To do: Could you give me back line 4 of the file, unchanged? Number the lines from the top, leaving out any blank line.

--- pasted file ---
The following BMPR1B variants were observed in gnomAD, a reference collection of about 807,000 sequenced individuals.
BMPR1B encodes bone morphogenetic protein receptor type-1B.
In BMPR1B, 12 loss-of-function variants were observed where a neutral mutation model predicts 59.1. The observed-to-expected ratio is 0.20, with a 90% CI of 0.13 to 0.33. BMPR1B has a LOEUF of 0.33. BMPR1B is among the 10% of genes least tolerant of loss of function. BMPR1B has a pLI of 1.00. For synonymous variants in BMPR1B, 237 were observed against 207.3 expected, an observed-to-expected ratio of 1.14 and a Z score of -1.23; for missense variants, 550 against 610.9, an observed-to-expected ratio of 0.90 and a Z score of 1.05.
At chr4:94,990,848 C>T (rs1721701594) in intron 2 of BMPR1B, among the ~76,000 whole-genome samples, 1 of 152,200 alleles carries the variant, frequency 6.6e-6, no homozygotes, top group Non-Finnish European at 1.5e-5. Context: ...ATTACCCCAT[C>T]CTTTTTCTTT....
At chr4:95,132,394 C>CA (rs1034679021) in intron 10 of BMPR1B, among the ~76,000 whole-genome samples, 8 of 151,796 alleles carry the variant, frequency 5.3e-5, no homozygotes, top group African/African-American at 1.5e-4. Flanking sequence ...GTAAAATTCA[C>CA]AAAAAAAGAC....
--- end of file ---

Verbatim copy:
At chr4:94,990,848 C>T (rs1721701594) in intron 2 of BMPR1B, among the ~76,000 whole-genome samples, 1 of 152,200 alleles carries the variant, frequency 6.6e-6, no homozygotes, top group Non-Finnish European at 1.5e-5. Context: ...ATTACCCCAT[C>T]CTTTTTCTTT....